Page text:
Azerbaijani forces push into Nagorno-Karabakh despite international criticism

Azerbaijan on Wednesday (20 September) continued its push into the territory of Nagorno-Karabakh despite criticism from the international community, and pressure to cease all hostilities.

Throughout the night explosions could be heard across the territory as Azerbaijani artillery continued neutralising military objectives of the self-declared Nagorno-Karabakh Republic, which was set up by Armenians in the territory thirty years ago when they seceded from Azerbaijan. The world community still recognises Nagorno-Karabakh as part of Azerbaijan.

Unconfirmed reports say that yesterday, only hours after the start of the operation, Azerbaijan managed to break through the line of contact around Martuni and Askeran, to the north and east of the main administrative town of the territory, Stepanakert. Since the Azerbaijani forces already hold the heights over Stepanakert from the south side, due to their control of the town of Shusha, this may suggest Azerbaijani forces are trying to encircle Stepanakert.

There has been widespread condemnation of the Azerbaijani military offensive by the international community, with all countries, except Turkey, calling on Azerbaijan to end hostilities immediately. The UN Security Council is expected to meet tomorrow (Thursday, 21 September) in the afternoon New York time. It is not clear if a binding UN resolution can emerge, since the position of Russia and China remains ambiguous. It appears Azerbaijan is trying to achieve as many of its objectives as possible before that.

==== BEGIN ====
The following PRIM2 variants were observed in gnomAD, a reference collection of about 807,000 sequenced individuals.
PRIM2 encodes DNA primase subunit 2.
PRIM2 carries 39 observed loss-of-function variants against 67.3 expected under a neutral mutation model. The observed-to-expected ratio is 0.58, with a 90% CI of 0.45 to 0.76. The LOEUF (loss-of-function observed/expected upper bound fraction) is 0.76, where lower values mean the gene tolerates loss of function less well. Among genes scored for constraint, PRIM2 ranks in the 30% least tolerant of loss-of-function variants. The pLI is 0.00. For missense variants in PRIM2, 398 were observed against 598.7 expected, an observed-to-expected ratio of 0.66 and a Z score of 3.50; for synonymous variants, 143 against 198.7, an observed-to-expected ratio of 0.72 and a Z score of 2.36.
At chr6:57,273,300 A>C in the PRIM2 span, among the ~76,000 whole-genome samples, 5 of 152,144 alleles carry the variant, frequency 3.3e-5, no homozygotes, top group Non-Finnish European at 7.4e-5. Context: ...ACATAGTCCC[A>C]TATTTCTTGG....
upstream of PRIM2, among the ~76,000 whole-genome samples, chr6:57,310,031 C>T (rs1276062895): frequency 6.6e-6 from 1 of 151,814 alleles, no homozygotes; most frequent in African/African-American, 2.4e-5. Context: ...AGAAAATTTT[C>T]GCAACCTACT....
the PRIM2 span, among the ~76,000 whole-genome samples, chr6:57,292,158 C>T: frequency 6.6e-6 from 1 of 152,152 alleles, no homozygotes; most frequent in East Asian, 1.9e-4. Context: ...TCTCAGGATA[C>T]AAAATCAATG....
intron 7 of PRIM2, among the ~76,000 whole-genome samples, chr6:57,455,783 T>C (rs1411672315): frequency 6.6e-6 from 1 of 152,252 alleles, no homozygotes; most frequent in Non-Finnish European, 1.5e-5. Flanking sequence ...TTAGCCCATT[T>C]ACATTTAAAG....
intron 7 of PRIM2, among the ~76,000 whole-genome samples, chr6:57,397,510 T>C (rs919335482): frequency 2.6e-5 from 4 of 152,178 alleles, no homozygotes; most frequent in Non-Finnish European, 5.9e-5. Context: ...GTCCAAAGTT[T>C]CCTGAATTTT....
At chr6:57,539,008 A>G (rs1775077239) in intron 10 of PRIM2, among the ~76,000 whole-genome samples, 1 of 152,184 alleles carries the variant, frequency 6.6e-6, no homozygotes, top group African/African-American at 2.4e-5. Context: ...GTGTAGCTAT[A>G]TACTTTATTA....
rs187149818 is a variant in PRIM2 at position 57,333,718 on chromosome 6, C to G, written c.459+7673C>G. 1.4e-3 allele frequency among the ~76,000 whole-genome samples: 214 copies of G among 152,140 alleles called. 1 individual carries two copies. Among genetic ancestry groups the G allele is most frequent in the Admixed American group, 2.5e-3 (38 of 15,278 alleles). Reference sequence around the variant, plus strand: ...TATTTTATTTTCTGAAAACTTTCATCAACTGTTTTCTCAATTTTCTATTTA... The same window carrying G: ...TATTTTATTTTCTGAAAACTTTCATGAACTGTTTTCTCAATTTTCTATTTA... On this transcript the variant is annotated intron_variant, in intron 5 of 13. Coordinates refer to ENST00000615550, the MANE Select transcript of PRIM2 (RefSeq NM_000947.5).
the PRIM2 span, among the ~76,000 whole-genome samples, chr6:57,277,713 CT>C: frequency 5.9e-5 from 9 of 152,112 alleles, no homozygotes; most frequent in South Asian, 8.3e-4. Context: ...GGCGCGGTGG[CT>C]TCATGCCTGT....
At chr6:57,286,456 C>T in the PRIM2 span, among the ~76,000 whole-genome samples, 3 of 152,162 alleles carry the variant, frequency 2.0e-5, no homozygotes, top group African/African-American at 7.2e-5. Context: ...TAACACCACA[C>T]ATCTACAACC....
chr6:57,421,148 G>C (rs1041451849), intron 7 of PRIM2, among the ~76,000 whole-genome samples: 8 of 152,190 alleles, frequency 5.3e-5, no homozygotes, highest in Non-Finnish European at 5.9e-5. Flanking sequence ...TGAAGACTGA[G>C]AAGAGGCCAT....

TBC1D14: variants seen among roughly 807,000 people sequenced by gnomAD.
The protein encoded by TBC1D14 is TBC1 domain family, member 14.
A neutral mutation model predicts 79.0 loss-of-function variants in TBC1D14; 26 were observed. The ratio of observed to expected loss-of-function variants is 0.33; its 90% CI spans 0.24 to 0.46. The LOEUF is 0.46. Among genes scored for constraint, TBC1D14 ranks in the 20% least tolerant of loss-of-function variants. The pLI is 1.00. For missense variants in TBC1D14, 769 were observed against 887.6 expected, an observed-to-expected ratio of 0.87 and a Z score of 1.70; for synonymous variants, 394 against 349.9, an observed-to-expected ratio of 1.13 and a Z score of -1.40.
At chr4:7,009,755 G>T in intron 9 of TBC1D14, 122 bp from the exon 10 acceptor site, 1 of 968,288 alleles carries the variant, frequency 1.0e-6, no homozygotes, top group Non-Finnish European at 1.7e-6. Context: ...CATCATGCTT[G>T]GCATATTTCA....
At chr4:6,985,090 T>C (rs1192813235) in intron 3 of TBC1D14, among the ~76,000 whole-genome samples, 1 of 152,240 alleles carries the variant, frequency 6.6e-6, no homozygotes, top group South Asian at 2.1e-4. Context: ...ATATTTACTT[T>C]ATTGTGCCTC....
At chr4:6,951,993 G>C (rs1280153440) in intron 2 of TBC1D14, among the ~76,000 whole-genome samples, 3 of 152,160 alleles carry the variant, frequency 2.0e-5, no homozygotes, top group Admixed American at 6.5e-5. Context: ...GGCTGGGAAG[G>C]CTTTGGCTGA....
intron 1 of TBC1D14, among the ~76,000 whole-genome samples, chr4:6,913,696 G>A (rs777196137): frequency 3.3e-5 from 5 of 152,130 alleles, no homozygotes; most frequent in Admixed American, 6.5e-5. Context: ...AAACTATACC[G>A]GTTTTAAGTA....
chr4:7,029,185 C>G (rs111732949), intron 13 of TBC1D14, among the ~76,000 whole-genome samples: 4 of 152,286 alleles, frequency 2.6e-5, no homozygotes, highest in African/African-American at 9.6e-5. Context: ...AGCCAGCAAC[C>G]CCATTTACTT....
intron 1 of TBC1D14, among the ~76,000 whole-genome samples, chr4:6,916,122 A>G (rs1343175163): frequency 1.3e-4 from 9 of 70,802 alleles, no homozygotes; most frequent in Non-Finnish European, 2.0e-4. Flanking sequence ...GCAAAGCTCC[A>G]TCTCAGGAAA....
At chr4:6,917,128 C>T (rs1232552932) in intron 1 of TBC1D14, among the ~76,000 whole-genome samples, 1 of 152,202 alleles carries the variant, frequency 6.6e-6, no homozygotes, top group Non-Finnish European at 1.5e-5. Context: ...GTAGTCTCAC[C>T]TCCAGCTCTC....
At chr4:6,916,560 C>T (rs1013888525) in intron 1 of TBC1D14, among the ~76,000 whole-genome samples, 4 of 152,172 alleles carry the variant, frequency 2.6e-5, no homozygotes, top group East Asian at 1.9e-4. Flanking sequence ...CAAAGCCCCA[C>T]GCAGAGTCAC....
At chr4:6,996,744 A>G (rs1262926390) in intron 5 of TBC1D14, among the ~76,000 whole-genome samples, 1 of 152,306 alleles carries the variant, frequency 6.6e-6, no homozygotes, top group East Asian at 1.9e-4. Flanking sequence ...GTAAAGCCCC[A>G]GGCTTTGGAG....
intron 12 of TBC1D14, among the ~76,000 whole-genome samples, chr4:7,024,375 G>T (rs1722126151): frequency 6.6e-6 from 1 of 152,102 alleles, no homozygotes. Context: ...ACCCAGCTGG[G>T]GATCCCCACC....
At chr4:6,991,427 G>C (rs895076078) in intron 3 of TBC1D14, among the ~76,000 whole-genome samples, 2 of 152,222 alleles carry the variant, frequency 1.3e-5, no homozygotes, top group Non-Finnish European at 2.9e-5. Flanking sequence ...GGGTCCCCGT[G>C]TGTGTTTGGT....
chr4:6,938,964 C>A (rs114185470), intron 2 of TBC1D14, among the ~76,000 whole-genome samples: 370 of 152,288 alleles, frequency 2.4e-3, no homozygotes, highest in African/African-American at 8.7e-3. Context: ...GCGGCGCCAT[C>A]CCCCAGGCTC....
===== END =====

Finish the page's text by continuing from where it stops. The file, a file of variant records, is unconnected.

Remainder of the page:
In a conversation with US Secretary of State Antony Blinken, Azerbaijani President Ilham Aliyev said that the main objective of the operation was to disarm the illegal armed formations of the Armenian separatists. Azerbaijani spokespersons have repeatedly said that Azerbaijan is not seeking to expel the Armenian community from the territory and wants to see them properly integrated in Azerbaijani society. But the concern of the international community is that in the current atmosphere, it is more likely that the Armenians will leave as the Azerbaijanis advance. Such a scenario would mean that everyone has lost – the next hours will say how it is likely to go.

In the meantime, Armenia has decided not to get involved directly militarily in the conflict, although it continues to put diplomatic pressure on the international community to take the necessary steps to end hostilities. This position of the Armenian government is not to the like of many in Yerevan. Anti-government protests took place overnight in front of the main government building in the Armenian capital, but the government says it has the situation under control.

source: with agencies
photo: People running for cover during the shelling of Stepanakert on Tuesday, 19 September (picture courtesy of Artsakh TV)